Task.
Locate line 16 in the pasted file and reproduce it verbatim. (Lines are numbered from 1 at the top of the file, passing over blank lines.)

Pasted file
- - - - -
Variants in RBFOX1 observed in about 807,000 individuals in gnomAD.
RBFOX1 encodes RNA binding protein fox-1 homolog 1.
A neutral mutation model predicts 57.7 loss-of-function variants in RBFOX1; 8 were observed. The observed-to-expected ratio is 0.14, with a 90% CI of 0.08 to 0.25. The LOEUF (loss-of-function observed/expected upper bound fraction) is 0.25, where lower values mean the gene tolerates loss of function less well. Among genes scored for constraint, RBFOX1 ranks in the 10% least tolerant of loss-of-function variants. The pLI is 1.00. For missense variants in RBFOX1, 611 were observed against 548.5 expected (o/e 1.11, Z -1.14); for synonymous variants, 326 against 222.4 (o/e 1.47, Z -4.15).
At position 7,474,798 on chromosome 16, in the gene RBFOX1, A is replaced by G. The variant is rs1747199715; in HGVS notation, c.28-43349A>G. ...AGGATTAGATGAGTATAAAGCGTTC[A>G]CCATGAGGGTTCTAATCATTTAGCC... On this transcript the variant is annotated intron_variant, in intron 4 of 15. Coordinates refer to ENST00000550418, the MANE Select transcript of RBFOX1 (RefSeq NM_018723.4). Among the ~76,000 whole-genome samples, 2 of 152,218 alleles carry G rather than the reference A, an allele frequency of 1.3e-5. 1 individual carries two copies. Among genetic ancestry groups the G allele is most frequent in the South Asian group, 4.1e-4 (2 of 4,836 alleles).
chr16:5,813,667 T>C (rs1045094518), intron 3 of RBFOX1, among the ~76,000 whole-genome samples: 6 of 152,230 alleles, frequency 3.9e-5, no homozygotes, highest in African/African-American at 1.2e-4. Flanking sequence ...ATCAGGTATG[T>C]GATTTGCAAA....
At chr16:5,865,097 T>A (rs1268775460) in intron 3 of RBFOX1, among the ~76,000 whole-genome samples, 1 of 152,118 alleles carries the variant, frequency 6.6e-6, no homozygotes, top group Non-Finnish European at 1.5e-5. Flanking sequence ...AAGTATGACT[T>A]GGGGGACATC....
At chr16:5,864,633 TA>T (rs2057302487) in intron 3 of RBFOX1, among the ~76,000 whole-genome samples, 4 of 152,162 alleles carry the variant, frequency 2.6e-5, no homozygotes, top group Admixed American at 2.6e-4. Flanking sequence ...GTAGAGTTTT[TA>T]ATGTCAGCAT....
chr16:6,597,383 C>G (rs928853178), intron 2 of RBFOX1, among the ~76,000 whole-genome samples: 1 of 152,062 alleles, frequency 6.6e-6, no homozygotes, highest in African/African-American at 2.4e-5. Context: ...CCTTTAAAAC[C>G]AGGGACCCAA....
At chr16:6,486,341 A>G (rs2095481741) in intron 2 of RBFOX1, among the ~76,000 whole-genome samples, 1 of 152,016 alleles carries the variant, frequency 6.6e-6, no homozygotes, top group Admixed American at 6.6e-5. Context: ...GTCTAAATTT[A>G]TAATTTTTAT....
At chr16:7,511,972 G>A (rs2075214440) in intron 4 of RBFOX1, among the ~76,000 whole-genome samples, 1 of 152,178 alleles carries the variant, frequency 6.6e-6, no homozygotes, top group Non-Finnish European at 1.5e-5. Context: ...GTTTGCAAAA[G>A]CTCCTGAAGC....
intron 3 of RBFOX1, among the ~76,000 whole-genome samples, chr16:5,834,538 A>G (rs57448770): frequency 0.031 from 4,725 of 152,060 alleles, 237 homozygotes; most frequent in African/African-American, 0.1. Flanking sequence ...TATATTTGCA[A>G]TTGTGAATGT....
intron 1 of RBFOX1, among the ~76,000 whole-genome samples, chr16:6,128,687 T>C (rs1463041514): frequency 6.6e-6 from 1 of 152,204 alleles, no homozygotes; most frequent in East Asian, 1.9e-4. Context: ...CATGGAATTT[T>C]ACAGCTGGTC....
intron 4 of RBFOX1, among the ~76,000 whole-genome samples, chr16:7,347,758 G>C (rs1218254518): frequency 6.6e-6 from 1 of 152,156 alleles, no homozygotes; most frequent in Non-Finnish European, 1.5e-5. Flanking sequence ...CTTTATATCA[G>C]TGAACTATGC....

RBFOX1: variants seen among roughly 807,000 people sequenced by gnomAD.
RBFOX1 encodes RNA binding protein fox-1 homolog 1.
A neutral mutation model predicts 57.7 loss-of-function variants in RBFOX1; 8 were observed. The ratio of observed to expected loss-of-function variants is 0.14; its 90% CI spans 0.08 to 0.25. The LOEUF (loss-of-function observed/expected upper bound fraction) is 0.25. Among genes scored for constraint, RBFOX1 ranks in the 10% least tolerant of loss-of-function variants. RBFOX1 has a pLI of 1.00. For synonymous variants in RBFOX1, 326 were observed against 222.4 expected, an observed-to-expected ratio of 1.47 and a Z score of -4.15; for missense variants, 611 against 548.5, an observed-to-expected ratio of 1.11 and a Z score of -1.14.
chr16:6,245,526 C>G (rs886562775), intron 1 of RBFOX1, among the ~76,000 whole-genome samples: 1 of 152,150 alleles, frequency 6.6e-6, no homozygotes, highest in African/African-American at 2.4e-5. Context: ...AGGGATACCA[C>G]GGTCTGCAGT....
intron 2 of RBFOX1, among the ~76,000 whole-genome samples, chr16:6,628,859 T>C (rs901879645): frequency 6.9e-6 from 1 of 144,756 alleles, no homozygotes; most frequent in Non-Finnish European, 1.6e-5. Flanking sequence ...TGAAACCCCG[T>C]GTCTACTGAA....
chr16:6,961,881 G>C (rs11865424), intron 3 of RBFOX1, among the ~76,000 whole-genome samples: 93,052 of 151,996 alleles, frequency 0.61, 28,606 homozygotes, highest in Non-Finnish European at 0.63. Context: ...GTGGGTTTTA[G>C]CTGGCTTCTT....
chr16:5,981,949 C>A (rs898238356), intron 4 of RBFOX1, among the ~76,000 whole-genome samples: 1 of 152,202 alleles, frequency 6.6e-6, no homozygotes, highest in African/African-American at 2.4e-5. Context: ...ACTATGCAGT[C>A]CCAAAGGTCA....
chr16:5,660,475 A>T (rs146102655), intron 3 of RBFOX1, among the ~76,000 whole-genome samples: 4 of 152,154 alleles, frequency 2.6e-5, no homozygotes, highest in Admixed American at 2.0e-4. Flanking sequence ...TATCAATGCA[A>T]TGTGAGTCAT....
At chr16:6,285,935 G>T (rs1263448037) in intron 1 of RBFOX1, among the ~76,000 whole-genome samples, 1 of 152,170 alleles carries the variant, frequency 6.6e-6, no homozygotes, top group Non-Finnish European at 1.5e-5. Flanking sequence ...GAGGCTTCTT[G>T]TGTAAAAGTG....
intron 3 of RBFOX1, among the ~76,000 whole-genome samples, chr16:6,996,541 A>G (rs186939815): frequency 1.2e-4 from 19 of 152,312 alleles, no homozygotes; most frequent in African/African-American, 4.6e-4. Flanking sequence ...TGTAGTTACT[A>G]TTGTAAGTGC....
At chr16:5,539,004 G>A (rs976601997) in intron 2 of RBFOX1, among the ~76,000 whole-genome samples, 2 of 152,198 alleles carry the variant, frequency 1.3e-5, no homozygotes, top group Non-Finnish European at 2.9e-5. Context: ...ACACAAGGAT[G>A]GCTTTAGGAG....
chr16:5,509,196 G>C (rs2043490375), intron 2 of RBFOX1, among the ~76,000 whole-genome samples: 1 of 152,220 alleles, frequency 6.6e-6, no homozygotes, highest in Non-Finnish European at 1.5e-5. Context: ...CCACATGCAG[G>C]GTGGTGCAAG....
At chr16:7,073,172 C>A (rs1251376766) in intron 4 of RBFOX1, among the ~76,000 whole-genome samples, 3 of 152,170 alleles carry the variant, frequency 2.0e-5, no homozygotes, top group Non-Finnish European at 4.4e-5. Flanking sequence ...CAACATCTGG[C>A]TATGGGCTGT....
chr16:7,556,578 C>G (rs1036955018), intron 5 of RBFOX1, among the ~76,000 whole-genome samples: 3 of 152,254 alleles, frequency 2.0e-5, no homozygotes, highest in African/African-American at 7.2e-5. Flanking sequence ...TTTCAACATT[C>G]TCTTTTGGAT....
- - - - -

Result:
A neutral mutation model predicts 57.7 loss-of-function variants in RBFOX1; 8 were observed. The ratio of observed to expected loss-of-function variants is 0.14; its 90% CI spans 0.08 to 0.25. The LOEUF (loss-of-function observed/expected upper bound fraction) is 0.25. Among genes scored for constraint, RBFOX1 ranks in the 10% least tolerant of loss-of-function variants. RBFOX1 has a pLI of 1.00. For synonymous variants in RBFOX1, 326 were observed against 222.4 expected, an observed-to-expected ratio of 1.47 and a Z score of -4.15; for missense variants, 611 against 548.5, an observed-to-expected ratio of 1.11 and a Z score of -1.14.